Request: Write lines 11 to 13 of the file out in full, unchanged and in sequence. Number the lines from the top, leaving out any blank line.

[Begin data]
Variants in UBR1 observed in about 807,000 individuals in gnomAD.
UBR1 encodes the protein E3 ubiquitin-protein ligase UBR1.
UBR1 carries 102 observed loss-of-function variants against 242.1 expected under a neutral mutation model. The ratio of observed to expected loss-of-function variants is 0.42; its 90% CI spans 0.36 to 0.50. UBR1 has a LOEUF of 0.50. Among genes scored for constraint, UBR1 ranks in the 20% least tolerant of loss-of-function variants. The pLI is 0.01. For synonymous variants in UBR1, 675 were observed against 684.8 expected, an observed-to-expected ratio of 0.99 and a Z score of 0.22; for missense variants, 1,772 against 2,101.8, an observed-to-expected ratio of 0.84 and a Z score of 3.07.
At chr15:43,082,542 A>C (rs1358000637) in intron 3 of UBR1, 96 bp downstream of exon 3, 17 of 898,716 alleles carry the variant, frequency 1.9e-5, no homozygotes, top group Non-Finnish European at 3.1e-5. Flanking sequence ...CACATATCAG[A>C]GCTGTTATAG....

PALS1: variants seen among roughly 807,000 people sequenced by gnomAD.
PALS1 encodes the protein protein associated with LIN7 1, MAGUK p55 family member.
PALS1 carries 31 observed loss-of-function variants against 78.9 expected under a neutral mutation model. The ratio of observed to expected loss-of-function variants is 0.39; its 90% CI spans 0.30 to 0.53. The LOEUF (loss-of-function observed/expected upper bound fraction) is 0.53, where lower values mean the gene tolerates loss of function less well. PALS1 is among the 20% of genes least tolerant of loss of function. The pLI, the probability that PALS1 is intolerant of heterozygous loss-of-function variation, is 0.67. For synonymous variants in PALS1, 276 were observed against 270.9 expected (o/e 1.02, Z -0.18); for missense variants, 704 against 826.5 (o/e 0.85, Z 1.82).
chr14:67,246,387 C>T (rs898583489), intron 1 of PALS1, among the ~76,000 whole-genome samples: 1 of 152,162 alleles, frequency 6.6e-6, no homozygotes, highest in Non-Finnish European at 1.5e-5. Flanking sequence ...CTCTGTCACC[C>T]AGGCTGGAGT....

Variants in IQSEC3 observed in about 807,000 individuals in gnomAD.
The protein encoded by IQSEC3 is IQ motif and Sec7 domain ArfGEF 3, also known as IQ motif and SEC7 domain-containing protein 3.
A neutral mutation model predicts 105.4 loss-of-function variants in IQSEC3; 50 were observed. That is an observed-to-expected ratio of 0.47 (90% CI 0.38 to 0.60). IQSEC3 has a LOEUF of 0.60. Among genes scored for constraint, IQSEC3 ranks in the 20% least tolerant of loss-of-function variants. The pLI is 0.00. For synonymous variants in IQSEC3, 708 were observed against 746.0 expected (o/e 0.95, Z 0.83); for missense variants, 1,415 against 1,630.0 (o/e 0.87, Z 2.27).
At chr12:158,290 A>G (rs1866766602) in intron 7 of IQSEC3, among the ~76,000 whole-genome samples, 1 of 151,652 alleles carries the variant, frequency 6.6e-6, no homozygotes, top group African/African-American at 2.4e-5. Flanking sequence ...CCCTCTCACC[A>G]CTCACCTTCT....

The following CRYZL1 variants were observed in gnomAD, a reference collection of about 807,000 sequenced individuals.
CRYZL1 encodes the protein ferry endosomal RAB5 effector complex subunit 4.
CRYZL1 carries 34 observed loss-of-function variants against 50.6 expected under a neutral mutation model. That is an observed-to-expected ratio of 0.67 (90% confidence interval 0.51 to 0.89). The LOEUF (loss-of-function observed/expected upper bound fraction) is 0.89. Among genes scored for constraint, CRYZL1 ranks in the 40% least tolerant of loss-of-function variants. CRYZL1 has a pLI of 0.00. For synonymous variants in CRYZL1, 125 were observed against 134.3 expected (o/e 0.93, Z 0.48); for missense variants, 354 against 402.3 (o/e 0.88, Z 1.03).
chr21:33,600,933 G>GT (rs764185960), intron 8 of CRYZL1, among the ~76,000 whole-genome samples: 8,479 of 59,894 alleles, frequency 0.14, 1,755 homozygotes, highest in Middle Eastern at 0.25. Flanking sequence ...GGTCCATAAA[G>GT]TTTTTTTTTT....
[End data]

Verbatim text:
A neutral mutation model predicts 105.4 loss-of-function variants in IQSEC3; 50 were observed. That is an observed-to-expected ratio of 0.47 (90% CI 0.38 to 0.60). IQSEC3 has a LOEUF of 0.60. Among genes scored for constraint, IQSEC3 ranks in the 20% least tolerant of loss-of-function variants. The pLI is 0.00. For synonymous variants in IQSEC3, 708 were observed against 746.0 expected (o/e 0.95, Z 0.83); for missense variants, 1,415 against 1,630.0 (o/e 0.87, Z 2.27).
At chr12:158,290 A>G (rs1866766602) in intron 7 of IQSEC3, among the ~76,000 whole-genome samples, 1 of 151,652 alleles carries the variant, frequency 6.6e-6, no homozygotes, top group African/African-American at 2.4e-5. Flanking sequence ...CCCTCTCACC[A>G]CTCACCTTCT....

The following CRYZL1 variants were observed in gnomAD, a reference collection of about 807,000 sequenced individuals.